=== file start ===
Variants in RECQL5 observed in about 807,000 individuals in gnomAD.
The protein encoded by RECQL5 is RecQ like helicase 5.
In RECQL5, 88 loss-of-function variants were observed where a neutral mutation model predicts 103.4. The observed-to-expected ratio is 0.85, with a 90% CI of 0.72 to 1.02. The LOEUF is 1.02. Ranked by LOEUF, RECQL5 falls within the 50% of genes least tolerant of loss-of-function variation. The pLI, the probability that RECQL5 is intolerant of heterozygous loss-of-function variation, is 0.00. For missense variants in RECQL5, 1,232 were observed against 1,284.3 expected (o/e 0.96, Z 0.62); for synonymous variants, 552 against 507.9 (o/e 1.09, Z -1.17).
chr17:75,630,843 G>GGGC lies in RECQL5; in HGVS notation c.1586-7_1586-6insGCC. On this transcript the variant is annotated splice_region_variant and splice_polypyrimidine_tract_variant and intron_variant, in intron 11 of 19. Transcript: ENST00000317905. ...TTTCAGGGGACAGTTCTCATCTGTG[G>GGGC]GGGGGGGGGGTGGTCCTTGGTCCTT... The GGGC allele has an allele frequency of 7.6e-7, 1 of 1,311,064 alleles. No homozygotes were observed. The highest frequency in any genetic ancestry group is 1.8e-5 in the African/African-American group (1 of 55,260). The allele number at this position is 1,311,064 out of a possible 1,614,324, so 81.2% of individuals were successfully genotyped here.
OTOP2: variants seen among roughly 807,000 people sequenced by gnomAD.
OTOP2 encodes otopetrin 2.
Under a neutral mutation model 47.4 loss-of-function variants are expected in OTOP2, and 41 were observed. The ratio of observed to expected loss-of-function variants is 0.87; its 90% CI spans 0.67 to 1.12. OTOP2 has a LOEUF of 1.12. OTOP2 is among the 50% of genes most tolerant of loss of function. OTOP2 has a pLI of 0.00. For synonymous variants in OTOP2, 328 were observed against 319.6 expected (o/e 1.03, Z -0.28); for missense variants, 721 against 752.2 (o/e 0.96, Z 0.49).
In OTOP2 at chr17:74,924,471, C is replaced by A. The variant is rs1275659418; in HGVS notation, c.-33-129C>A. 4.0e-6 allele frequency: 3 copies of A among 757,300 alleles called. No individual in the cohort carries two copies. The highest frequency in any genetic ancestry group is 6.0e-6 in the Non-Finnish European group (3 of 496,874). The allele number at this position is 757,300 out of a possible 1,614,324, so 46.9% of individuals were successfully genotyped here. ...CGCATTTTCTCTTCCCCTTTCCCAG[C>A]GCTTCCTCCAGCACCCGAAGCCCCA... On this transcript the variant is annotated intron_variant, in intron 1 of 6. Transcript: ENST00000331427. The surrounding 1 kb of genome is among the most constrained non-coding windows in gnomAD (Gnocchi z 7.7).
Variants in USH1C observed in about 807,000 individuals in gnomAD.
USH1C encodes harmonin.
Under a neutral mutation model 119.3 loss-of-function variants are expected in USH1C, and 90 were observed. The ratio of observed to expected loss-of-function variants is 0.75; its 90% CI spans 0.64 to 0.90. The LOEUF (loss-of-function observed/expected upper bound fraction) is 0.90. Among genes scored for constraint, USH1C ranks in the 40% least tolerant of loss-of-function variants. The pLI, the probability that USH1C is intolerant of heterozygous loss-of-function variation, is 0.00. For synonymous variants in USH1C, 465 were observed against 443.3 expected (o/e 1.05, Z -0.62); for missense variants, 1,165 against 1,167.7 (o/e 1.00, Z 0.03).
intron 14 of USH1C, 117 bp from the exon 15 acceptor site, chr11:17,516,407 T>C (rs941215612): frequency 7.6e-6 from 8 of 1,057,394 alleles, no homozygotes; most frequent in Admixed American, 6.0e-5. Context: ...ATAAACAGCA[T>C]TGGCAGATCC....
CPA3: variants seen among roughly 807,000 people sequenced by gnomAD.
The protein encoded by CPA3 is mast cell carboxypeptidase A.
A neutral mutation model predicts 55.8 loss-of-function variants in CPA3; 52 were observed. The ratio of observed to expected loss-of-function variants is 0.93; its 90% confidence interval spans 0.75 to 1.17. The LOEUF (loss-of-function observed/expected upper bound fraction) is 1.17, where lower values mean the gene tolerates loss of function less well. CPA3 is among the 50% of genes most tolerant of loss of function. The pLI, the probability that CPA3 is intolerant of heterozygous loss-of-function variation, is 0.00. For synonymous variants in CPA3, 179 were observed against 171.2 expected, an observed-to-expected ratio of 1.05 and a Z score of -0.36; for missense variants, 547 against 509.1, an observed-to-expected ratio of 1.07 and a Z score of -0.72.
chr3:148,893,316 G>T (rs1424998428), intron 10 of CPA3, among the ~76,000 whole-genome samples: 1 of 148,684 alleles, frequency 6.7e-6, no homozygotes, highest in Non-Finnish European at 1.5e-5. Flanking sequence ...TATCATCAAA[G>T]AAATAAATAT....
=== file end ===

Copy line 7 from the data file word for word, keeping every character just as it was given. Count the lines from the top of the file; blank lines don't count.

Under a neutral mutation model 47.4 loss-of-function variants are expected in OTOP2, and 41 were observed. The ratio of observed to expected loss-of-function variants is 0.87; its 90% CI spans 0.67 to 1.12. OTOP2 has a LOEUF of 1.12. OTOP2 is among the 50% of genes most tolerant of loss of function. OTOP2 has a pLI of 0.00. For synonymous variants in OTOP2, 328 were observed against 319.6 expected (o/e 1.03, Z -0.28); for missense variants, 721 against 752.2 (o/e 0.96, Z 0.49).